I can’t believe that it has taken me 3 months to write this review. It would be natural in the passing of time that my feelings for this course could have diminished. But even after playing quality layouts like the Machrie and Machrihanish Dunes in the intervening period, my affection for this track has not been diluted one iota. Enniscrone will go down as one of the highlights of what has been, for me, a fantastic golfing year. Our day at Enniscrone was memorable for numerous reasons. The main reason is obviously the fantastic course the second, the club’s ebullient manager, Mr Pat Sweeney who, made sure that 2 very weary travellers were fed, watered and buggied up for their round. Pat very kindly joined us for the 18 holes which was a delight. Pat is excellent company on the golf course and I am convinced that he could sell sand to the Arabs if he had to, that was not required here as the course sells itself. The tone is set from the off with an opening 'L' shaped hole which sees you playing through a funnelled fairway to a slightly uphill green. This theme is continued at the 2nd but this time journey's end is a putting surface beside the sea. Marvellous! The 3rd is the first of Enniscrone's four, mid-length par 3's (3 and 11 being the best) which this reviewer found a refreshing throwback. Thankfully not every course feels that it has to Tiger up their par 3's. to make them challenging. The front 9 finishes with a simple but stunning par 4 which overlooks Bartragh Island . If anything, the back 9 eclipses the outward half with holes 11-16 inclusive simply outstanding. Weaving in and out of dunes, going up hill and down dale, and every, and I mean every, shot in your golfing armoury utilised. Now, I don’t like to disagree with the experts but after playing both courses in the same day I would humbly suggest that Enniscrone is a better overall course than Carne (Backspin Magazine and Ireland's Golf Digest agree with me). Carne does have the finest inward half I have ever played but, as an eighteen, I think that Enniscrone shades it, though not by much. Our time in Ireland had come to an end. The newly crowned King of Donegal and Mayo failed to add Sligo to his collection. That big bottle of Brasso will still come in handy some day. This was not a time for being downcast as two life affirming days had just been completed and filed away in the treasured memories section of the brain. If I may offer one bit of advice it is that if you ever get the chance to play golf in Ireland grab it with both hands. I have played 15 of our top 20 courses in Scotland and both Enniscrone and Carne are of equal if not better quality than many of the courses in Scotland’s top ten. It has taken me till middle age to get to Ireland. I urge you not to wait as long as I did. You will not be disappointed and, if you are in Enniscrone ask for Pat Sweeney. I am sure that he will be all too happy and willing to see you and if you are lucky, join you for a game. MPPJ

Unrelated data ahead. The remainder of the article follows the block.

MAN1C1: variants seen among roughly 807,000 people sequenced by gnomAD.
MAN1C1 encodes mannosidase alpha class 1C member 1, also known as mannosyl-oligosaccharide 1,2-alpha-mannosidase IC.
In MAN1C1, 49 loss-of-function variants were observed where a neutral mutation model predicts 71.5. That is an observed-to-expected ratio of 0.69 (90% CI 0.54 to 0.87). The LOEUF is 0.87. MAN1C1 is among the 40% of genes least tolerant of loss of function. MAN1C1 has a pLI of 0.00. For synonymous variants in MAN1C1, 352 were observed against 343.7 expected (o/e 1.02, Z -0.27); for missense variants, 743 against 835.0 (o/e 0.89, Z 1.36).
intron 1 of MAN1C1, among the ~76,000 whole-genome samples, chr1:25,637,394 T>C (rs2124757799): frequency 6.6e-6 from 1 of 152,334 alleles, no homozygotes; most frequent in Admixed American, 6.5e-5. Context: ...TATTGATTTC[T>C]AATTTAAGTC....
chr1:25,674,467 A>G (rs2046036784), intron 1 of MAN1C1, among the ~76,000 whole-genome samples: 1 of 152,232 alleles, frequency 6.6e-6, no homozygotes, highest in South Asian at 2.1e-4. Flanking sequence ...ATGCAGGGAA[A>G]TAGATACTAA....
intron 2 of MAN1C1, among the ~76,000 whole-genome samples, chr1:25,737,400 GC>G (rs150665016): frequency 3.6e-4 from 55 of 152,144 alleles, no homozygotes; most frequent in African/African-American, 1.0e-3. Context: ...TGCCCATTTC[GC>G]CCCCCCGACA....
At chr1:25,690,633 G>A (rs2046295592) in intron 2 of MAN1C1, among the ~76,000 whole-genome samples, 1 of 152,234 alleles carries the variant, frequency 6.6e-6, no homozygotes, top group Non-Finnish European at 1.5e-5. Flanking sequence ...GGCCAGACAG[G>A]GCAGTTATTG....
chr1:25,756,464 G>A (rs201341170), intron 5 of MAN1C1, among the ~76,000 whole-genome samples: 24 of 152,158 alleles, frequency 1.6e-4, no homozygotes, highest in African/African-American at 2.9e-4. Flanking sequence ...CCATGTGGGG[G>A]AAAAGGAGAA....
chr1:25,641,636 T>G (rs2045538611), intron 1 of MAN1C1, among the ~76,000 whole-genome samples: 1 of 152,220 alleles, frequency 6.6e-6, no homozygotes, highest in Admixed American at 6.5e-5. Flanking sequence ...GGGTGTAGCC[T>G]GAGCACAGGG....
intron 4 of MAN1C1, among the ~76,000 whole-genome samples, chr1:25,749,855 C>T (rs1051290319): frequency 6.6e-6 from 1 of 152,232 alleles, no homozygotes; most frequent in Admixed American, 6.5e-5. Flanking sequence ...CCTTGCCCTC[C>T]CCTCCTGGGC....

November 25, 2009
10 / 10
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Jim McCann

I visited Carne and Enniscrone this week to complete my personal play list of Irish Top 20 links courses on this website. Having played the former in the morning and been really impressed, I journeyed from Co. Mayo to Co. Sligo in the afternoon thinking the course at Enniscrone would do well to come anywhere near the same standard. Well, was I in for a surprise as it far surpassed my expectations!



Enniscrone - photo by Jim McCann The recently revamped 1st and 18th holes bookend a fabulous set of fairways made up of an amalgam of original (some very original) Eddie Hackett designs and half a dozen new holes from architects Tom Mackenzie and Martin Ebert, with the less interesting holes from the old layout forming part of the relief nine. Holes 7 to 9 on flatter land towards Scurmore Beach are an ideal trio to take a breather between the testing holes that are routed through the tall dunes. Whilst I loved the six modern holes (2-4 and 14-16) that have been carved out of the massive sand hills, it was the two back-to-back, old-fashioned short par fours at 12 and 13 that really took my fancy here - the first doglegging left to a green carved into the dunes, the second veering and dipping down to a punchbowl green on the right from a wonderfully high tee position – Hackett at his very best.



Enniscrone is a serious golf track that will test any golfer and its sensibly priced green fees should attract many who are keen to play high end golf for a reasonably modest outlay. If you’re visiting for the first time, you’d do well to ask for manager Pat Sweeney to give you a brief outline of the recent course changes and pass on any tips on how to shave a few shots of your score (like how to play the aforementioned 13th) - tell him the two Scotsmen who birdied his stroke index 2 5th hole sent you! Jim McCann

August 26, 2009
8 / 10
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Marty Brown
Wonderful course, the new holes are spectacular whether amongst the mountainous dunes or the shoreline. Played it just before the Irish close amateur championship and it goes without saying the conditioning was awesome. The greens and aprons were lighting fast. True Irish hospitality throughout at a 3rd of the price of some of the bigger named courses. Make this part of Ireland a must visit and play along with Carne and Rosses Point, you won’t be disappointed.
June 13, 2009
10 / 10